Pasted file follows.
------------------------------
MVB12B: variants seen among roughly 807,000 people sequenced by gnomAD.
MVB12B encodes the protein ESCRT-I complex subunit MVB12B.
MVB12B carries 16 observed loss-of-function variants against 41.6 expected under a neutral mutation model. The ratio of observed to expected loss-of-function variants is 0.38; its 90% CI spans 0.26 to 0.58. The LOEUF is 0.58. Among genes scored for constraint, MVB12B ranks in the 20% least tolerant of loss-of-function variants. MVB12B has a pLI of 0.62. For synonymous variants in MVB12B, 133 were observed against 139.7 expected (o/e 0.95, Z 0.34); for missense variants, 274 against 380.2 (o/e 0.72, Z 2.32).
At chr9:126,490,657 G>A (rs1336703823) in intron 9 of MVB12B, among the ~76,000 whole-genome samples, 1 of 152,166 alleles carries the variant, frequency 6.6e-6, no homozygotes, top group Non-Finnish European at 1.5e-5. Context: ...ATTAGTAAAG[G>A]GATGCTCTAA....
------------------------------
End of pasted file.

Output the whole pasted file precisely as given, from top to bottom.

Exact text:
MVB12B: variants seen among roughly 807,000 people sequenced by gnomAD.
MVB12B encodes the protein ESCRT-I complex subunit MVB12B.
MVB12B carries 16 observed loss-of-function variants against 41.6 expected under a neutral mutation model. The ratio of observed to expected loss-of-function variants is 0.38; its 90% CI spans 0.26 to 0.58. The LOEUF is 0.58. Among genes scored for constraint, MVB12B ranks in the 20% least tolerant of loss-of-function variants. MVB12B has a pLI of 0.62. For synonymous variants in MVB12B, 133 were observed against 139.7 expected (o/e 0.95, Z 0.34); for missense variants, 274 against 380.2 (o/e 0.72, Z 2.32).
At chr9:126,490,657 G>A (rs1336703823) in intron 9 of MVB12B, among the ~76,000 whole-genome samples, 1 of 152,166 alleles carries the variant, frequency 6.6e-6, no homozygotes, top group Non-Finnish European at 1.5e-5. Context: ...ATTAGTAAAG[G>A]GATGCTCTAA....